Due to their very nature, third-party cookies are contradictory to data minimization, which is a data privacy principle that states organizations should seek to limit their data collection policies only to what is strictly relevant and necessary to their operations.
Cookie banners and consent: enough for data privacy?
When the EU passed the GDPR in 2016, some of the basic tenets of the regulation were data minimization, explicit user consent, and transparency about data collection and processing.
Technically, these cookie banners comply with the GDPR’s explicit consent requirement, as well as Brazil’s LGPD and California’s CPRA consent requirements. But, due to how unclearly many cookie banners are worded and their constant presence across the internet, that element of data privacy regulations has not been as effective as intended.
This phenomenon even has its own name: cookie fatigue.
What this means is that cookie banners have not done enough to inform people about their data rights, nor to curtail user tracking online. As we get closer and closer to the death of the third-party cookie, failing to find a solution to the matter of consent poses a significant problem.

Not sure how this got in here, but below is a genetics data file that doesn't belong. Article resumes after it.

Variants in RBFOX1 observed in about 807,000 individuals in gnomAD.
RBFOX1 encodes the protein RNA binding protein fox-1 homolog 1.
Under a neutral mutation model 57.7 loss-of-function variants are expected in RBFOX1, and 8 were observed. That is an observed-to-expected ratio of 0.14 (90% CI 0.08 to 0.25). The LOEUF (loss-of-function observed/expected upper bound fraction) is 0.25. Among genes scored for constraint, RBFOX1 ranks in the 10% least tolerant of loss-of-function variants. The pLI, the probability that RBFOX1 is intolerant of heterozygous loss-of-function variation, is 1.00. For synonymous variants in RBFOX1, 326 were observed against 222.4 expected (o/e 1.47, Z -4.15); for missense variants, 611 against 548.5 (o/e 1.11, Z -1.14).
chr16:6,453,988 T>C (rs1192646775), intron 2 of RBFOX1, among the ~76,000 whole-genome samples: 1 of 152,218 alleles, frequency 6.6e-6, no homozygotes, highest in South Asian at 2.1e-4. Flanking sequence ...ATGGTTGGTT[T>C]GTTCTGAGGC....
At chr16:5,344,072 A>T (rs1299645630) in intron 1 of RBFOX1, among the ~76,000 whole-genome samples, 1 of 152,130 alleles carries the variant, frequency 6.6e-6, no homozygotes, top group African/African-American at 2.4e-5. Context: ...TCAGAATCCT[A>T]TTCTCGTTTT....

Any replacement for third-party cookies will be set up to fail in protecting people and limiting tracking across the web if data protection authorities don’t compel sites to have more direct and honest conversations with users about data processing and collection.
That is why so much hoopla is made over third-party cookies. Not their somewhat exploitative use in certain circumstances, but the fact that the internet has not found a safe alternative in all the years third-party cookies have been on the chopping block.
What your business can do
Complying with data regulations is not enough when those regulations have underachieved in their goal of empowering people’s data rights.
Any good company needs to ensure its cookie consent banners are easy to read, understand, and navigate. Cookie banners must present a clear opt-out without the need for users to actively search for a button besides one that accepts all cookies by default.
That’s the starting point for proper consent management, and getting a good platform to put that in place is essential as we shift away from third-party cookies and brace for what comes next, hoping it’s an improvement.